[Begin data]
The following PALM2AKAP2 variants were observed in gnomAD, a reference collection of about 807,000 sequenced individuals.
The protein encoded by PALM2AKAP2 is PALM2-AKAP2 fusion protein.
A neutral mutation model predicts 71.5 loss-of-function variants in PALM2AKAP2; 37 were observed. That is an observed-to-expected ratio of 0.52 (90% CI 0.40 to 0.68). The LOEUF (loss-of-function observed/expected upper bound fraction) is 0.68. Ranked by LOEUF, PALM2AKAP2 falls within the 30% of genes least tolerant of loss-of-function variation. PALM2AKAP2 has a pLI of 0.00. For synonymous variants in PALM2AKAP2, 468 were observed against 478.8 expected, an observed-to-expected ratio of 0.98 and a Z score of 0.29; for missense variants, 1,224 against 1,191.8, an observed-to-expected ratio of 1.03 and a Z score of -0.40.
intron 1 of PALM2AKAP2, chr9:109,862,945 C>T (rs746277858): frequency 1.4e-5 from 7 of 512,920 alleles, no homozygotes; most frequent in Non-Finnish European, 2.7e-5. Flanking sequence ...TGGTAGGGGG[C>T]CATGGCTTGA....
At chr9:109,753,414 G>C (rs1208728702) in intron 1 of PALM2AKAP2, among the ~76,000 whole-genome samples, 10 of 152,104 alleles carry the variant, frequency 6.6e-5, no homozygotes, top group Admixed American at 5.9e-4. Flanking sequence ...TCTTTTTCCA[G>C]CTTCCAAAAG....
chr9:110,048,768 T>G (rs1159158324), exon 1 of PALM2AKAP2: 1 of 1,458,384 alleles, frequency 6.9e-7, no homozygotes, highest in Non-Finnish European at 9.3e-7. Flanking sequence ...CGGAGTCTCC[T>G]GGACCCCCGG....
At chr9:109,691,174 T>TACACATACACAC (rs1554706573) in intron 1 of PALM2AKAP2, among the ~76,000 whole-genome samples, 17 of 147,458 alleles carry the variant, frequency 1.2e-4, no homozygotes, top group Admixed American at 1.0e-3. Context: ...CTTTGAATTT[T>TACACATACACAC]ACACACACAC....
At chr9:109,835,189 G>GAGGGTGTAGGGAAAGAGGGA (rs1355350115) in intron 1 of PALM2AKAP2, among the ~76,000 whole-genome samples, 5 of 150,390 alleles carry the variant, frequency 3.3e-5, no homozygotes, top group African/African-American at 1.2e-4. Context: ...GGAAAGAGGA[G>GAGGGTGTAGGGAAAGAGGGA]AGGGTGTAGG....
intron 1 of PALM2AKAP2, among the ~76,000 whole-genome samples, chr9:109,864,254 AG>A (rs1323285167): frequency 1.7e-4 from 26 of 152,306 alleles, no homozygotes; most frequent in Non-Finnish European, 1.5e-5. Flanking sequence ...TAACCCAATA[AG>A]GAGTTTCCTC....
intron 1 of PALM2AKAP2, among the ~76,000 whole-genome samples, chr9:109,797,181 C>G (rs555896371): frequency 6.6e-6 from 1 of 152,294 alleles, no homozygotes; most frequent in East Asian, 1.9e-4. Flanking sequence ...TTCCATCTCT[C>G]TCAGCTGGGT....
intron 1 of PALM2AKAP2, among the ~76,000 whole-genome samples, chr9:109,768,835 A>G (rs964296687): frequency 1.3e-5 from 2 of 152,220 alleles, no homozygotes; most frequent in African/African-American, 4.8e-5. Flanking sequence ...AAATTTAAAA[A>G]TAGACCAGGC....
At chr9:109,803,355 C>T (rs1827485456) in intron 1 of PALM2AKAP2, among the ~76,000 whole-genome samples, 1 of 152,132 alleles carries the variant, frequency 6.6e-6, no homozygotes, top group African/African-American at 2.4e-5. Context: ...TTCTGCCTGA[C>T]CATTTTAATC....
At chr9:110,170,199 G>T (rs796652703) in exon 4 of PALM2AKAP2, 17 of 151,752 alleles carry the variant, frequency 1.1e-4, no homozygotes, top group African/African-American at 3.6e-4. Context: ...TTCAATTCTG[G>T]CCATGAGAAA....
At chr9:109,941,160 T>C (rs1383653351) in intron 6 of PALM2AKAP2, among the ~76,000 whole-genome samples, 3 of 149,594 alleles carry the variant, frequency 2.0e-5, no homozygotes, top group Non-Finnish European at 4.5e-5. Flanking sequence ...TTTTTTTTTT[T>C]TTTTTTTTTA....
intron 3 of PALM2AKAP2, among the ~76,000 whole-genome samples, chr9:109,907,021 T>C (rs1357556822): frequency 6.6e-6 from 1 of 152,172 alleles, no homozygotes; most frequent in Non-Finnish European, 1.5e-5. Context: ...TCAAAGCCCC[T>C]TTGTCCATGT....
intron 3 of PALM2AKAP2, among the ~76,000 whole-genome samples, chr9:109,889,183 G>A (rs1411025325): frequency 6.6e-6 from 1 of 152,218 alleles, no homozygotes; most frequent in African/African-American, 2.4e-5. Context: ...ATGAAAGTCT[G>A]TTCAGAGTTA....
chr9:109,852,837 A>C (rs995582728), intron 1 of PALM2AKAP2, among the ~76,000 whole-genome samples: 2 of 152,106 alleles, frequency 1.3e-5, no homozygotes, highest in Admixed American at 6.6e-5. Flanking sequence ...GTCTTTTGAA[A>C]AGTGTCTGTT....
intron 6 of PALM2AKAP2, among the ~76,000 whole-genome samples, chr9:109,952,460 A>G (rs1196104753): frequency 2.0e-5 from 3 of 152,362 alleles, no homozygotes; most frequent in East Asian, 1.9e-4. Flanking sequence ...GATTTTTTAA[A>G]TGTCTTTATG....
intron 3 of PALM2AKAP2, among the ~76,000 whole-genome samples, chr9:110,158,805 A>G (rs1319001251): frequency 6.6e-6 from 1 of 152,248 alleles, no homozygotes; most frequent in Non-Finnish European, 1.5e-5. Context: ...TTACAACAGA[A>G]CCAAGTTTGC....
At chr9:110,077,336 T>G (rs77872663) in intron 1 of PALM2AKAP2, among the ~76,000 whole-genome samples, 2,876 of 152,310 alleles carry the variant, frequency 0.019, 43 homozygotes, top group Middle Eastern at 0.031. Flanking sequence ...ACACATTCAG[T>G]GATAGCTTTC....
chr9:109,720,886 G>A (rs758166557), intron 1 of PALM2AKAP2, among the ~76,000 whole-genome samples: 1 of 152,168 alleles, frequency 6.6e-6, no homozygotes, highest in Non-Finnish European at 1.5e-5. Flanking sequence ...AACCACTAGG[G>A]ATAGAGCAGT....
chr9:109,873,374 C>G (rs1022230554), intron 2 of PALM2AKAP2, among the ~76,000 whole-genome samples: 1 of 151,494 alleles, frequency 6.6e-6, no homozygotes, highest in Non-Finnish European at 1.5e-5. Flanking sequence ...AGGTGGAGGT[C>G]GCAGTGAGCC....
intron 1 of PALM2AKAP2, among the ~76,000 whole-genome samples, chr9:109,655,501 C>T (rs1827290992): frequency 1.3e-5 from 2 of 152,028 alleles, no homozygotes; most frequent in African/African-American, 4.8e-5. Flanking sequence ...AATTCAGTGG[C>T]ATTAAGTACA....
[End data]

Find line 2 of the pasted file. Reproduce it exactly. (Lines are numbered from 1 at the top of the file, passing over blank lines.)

The protein encoded by PALM2AKAP2 is PALM2-AKAP2 fusion protein.